Tuesday, January 6, 2009

LINQ And Interpreter Pattern : A tale of datasources

In a service oriented (SOA) environment, larger systems communicate/handshake with one and other with different varieties of data and formats.

These systems leverage different Data formats, contracts and pure XML (The RESTFULL way) hosted in a multi - platform environment.

Recently, in the real life, i came across a situation that i needed to fetch information from different data sources. The consuming application(s) does not want to know where these data's are being imported from and the producing application does not want to let go of the secret of the source to data. All it is concerned about is that the format must be consistent wherever it may be coming from.

I am supposed to fetch data from the following sources :

1. XML stored in a file system.
2. DataSet from another WebService
3. Service contracts from another service.

At first, this seems to be a mundane tasks, because you may have to create different code for different datasources and different translation for those datasources because an xml data is not the same as object data until we have a translator, we would not get anywhere near what we want to achieve.

First thing that comes to my mind was to leverage the Linq API and architecture to archive the above problem, how do i program my WCF service so that it will be extensible to other datasources, how do i ensure that the translation is not ambiguous (hence finding a better approach and framework that is consistent enough to do the job of translating data coming from different sources.

The Proposed architecture

I dig my hands into the dirty chests of patterns, i traveled from Gang of four to Microsoft pattern, i moved from different community, but there seem not to be a proper way of ensuring a consistent data translation strategy. After sometime, of digging, i eventually choose to use the interpreter pattern (Since it is used to interpret sentences in language elements). The reason for this choice is because i need a consistent language lexical structure that i can use for different data sources (as explained above) and Interpreter pattern seem to be the best choice to define my language grammar.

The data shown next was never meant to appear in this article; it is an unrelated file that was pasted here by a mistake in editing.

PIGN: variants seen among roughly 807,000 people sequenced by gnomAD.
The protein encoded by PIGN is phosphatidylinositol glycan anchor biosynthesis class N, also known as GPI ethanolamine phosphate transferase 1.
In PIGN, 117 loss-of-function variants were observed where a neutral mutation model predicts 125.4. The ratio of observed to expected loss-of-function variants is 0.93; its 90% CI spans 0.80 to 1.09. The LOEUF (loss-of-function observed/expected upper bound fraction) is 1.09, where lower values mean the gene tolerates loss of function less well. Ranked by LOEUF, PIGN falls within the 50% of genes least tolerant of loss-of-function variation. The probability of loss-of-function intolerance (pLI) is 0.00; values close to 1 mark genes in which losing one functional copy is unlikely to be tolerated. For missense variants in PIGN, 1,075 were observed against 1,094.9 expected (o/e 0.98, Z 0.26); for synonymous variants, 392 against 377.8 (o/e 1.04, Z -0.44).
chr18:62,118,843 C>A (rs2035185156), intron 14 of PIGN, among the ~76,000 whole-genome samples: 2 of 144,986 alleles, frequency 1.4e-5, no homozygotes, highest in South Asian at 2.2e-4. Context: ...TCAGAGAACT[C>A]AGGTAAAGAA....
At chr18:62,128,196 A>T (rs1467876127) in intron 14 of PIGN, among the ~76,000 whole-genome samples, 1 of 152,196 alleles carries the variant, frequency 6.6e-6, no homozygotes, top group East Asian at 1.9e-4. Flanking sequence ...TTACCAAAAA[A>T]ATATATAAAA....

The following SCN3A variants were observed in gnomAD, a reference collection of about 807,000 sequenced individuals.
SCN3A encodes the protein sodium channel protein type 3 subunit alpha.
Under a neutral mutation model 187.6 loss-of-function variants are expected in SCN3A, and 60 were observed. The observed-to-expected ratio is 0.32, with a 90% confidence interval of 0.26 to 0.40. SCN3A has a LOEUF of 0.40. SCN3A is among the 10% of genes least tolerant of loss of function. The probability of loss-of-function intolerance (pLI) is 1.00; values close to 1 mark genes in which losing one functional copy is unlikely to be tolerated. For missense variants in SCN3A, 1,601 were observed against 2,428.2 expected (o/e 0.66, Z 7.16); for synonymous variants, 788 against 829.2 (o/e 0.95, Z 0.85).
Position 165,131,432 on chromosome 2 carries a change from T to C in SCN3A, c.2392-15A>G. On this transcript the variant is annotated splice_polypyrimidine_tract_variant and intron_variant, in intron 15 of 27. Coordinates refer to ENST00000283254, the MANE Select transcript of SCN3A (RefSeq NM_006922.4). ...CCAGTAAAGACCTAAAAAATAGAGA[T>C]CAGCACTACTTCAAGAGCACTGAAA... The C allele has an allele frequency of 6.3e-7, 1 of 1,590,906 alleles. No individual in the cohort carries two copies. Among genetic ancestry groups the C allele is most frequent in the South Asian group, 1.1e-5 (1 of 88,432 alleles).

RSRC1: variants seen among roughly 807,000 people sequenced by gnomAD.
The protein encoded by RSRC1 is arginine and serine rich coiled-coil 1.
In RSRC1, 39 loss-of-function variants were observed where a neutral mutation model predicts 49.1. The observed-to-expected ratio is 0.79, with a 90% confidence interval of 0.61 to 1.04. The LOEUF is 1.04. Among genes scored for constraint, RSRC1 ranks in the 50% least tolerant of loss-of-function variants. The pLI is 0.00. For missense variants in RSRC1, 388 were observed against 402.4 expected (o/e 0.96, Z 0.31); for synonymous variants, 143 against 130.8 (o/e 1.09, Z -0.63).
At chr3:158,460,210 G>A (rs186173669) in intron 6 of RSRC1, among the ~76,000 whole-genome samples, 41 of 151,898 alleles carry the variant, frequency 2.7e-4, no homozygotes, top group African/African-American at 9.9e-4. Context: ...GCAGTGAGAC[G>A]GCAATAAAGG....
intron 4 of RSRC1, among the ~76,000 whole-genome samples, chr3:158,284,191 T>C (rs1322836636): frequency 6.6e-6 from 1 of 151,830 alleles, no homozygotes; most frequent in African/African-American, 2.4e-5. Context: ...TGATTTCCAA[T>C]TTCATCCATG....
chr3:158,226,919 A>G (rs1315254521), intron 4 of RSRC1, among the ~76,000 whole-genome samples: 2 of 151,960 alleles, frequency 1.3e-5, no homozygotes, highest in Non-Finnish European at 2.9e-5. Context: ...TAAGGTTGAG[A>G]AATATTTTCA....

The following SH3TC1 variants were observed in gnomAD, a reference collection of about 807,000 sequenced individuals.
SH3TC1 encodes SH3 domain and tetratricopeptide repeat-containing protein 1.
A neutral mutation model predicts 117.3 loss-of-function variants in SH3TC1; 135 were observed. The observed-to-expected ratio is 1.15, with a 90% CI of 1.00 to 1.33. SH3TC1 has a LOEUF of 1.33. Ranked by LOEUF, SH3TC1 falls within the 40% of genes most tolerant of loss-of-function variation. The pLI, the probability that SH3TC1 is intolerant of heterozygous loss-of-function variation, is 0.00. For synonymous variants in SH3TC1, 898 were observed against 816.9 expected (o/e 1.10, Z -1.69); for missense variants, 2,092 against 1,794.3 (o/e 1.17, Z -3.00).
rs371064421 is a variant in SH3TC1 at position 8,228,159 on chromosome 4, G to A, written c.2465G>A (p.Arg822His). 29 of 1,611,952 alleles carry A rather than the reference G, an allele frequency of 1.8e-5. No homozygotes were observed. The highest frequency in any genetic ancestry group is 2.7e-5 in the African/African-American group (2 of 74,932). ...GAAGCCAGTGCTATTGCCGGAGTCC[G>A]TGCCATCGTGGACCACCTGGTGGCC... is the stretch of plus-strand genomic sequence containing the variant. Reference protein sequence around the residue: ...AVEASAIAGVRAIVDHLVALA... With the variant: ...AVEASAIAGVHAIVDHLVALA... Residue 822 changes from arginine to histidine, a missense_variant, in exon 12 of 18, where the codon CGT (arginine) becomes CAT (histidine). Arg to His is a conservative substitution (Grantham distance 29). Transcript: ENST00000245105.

In this example, we want to interpret a Customer detail data structure coming from different sources, here is the C# structure of our Customer Poco class.

public class Customer
public string FirstName { get; set; }
public string LastName { get; set; }
public string Address { get; set; }
public int Age { get; set; }

We want to be able to translate several data sources to the Customer class defined above. This example will focus on the following data sources :

1. XML
2. Database
3. DataSet
4. object

If we are familiar with the Linq API, we would know that it supports for language elements across the named data sources above.

Interpreter Pattern Structure

The base interpreter is the interface to which we will use to interpret our language elements, because we need not know about the child classes or how they do their interpretations. The code snippet below is our base Interpreter.

public abstract class CustomerExpression
public Customer Customer { get; set; }
public abstract void Interpret();

The code above defines the CustomerExpression class and this class will define the structure of its child classes, the following child classes will be created :

  1. CustomerXMLExpression
  2. CustomerSQLExpression
  3. CustomerDataSetExpression
  4. CustomerObjectExpression
I will be discussing the first one only which is the CustomerXMLExpression. The code below is the snippet for the CustomerXMLExpression :

public class CustomerXMLExpression : CustomerExpression
public override void Interpret()
Customer = TranslateCustomer();

private Customer TranslateCustomer()
StringBuilder customerXML = new StringBuilder("XML Data");
XDocument customers = XDocument.Parse(customerXML.ToString());

return (from customer in customers.Descendants("Customers")
select new Customer
FirstName = customer.Element("FirstName").Value,
LastName = customer.Element("LastName").Value,
Age = (int) int.Parse(customer.Element("Age").Value),
Address = customer.Element("Address").Value,

We can use the same idea for the rest of the remaining data sources, for example we can search each data sources as follows :

CustomerExpression expression = new CustomerXMLExpression();
Customer customer = expression.Interpret();

CustomerExpression expression = new CustomerSQLExpression();
Customer customer = expression.Interpret();

CustomerExpression expression = new CustomerDataSetExpression();
Customer customer = expression.Interpret();

CustomerExpression expression = new CustomerObjectExpression();
Customer customer = expression.Interpret();

There is a long way you can go with this practise because it makes you to centralise your code and hides several dirty works away from developers.

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